Agape Villages Foster Family Agency is not your usual sort of foster placement agency. For one thing, the main goal isn’t placing the kids with the right foster parents, though this is critical. Rather, Agape Villages stays with kids and families, making sure the children have the same enrichment activities that other children have and that foster kids sometimes miss out on. For another thing, Agape Villages teaches kids independent living skill offering resources the children will need as they age out of the system. Agape Villages also works to reunite children with their biological families.
We love this holistic approach to the children and their families. It’s exactly what we strive for in our own programming: working with the whole family, instead of focusing solely on the children. Whole families make whole children, in our humble opinion, and so we were pleased to award Agape Villages one of our small grants.
We spoke with Agape Villages Community Engagement Director Jennifer (Jen) Oxe, to learn more about this work:
Kars4Kids: One of the ways Agape Villages is different than other foster placement agencies is that there’s a strong effort to reunite children with their biological families. Why is this important?
Jen Oxe: This is so critical and always the goal. Many of the kids parents are in jail and/or in a rehab facility for alcohol or drugs but a lot of them complete their programs and come out better parents. Reunification does not happen overnight, but everyone agrees that the first goal is to reunite children and youth with their families as soon as possible and about 60% of kids are eventually reunited and living with their biological families.
Kars4Kids: What are some of the reasons a child may need to be temporarily placed in foster care?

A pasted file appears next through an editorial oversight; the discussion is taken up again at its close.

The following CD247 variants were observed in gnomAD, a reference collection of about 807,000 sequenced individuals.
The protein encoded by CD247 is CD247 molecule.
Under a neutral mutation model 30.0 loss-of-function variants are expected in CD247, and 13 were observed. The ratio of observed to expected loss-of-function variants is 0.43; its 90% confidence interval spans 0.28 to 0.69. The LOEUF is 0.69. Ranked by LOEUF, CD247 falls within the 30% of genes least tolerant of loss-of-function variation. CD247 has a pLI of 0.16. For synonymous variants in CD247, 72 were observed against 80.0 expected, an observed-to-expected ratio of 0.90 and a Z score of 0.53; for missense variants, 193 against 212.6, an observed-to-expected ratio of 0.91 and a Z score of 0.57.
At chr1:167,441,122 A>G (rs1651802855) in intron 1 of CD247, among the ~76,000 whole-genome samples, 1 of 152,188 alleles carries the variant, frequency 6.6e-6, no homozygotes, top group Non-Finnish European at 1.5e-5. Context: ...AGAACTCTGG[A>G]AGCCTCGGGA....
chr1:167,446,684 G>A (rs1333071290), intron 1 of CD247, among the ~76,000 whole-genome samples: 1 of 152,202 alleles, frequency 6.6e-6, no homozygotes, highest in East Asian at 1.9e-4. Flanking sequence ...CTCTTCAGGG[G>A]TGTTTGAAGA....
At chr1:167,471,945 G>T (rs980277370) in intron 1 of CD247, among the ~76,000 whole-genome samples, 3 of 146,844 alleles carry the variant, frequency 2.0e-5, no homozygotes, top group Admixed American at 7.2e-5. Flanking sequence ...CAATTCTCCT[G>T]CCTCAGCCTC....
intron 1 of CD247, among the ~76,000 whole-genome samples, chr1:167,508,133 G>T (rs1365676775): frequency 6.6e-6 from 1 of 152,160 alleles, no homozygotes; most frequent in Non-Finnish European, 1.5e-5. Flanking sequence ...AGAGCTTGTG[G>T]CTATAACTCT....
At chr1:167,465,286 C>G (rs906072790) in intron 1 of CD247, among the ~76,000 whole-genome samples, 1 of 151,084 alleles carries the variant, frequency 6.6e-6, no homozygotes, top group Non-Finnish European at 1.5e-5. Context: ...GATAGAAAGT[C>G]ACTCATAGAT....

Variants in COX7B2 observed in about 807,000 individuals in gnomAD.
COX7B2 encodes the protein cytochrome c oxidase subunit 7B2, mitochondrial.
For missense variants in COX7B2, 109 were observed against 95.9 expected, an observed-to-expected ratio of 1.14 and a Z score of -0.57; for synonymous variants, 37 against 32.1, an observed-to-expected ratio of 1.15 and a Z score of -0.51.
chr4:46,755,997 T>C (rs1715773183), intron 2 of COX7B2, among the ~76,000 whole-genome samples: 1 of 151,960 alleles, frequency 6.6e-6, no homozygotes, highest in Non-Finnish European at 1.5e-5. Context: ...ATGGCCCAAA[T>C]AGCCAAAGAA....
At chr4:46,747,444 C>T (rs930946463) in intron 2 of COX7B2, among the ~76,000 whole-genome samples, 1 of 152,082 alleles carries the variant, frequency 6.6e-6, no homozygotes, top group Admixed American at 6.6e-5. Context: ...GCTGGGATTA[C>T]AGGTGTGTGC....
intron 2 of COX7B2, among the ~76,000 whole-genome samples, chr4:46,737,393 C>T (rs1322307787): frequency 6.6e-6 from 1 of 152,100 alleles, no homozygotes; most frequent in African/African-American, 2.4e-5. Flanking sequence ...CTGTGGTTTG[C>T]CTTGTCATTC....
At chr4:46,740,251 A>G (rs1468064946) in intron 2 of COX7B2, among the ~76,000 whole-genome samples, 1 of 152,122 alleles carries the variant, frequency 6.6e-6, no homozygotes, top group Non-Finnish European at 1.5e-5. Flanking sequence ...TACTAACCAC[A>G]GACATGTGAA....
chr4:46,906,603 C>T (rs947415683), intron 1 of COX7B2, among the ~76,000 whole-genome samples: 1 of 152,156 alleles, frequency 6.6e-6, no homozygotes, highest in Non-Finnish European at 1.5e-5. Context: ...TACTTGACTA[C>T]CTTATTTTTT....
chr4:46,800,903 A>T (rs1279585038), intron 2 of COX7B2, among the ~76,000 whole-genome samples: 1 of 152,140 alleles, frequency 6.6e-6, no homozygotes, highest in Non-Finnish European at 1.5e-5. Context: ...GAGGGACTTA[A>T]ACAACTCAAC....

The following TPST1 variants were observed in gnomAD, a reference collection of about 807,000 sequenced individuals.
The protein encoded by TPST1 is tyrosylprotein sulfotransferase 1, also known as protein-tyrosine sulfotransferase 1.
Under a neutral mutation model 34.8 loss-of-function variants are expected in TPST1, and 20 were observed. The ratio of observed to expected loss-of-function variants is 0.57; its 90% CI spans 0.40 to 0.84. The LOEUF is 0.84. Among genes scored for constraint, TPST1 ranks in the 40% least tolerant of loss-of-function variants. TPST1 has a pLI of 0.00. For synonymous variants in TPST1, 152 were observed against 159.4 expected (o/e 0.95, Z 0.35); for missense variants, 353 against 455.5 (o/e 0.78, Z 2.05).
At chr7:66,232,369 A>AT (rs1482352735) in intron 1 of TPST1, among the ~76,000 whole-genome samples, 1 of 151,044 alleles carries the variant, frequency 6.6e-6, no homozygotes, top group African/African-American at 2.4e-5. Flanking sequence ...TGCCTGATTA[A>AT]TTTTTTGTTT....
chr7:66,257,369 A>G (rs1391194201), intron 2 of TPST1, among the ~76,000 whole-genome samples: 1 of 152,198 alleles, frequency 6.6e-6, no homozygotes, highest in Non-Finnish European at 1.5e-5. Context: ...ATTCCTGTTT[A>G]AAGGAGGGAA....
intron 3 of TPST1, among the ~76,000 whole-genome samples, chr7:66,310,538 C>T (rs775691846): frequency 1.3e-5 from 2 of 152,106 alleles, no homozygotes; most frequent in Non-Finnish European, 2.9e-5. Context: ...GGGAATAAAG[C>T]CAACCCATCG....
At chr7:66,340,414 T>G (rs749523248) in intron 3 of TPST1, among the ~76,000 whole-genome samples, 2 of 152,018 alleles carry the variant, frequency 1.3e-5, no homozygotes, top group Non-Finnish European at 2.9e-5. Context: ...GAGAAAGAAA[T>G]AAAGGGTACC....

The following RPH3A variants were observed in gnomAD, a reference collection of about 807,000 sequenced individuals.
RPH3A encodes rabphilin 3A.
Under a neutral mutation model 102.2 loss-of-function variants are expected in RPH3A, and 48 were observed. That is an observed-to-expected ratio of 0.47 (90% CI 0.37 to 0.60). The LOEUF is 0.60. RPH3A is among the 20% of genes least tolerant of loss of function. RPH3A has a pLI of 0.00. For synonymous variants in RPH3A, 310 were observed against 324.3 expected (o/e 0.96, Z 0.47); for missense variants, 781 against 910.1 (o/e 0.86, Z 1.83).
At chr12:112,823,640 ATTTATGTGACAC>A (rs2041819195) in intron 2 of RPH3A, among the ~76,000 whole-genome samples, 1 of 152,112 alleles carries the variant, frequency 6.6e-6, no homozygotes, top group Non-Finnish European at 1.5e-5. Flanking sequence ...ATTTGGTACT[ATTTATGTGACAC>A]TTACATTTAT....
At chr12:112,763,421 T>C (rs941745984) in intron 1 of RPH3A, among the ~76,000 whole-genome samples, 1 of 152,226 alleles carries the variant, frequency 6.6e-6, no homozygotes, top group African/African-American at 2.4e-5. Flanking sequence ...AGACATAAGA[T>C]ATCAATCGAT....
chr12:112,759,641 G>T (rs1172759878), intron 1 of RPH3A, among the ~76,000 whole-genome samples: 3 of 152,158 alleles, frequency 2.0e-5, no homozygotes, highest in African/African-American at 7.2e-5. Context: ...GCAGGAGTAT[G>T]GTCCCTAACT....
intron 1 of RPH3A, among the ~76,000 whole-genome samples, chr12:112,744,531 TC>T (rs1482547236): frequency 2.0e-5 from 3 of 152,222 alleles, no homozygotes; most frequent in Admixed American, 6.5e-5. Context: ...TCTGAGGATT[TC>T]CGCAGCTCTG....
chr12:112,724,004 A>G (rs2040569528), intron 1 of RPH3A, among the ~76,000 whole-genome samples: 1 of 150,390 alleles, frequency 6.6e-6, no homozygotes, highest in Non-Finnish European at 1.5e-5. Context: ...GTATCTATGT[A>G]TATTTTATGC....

Jen Oxe: Most of the time it is due to abuse, neglect, and/or drug/alcohol problems. A majority of the cases are identified at school and are then called into the Department of Children and Family Health.
Kars4Kids: According to your website, “foster parent” has been replaced with “resource parent.” Why?
Jen Oxe: Here in California, “Resource Parent” and “Resource Family” became the official nomenclature in 2013, after the passing of SB 1013. According to the California Department of Social Services (CDSS), the change to the Resource Family Approval Program (RFA) was designed to more holistically account for the varying needs of youth and to ensure permanent, stable solutions for them were more readily available and prioritized. In short, a Resource Parent is someone who is trained and certified to be both a foster parent and an adoptive parent. Instead of having someone be just one or the other, resource parents can fulfill both roles should the need or desire arise.
Kars4Kids: Can you describe a typical “Needs and Services Plan?”
Jen Oxe: The social worker, who visits each child once per week, develops a plan for each child based on that specific foster child’s needs. A typical “needs and services” plan could include the following: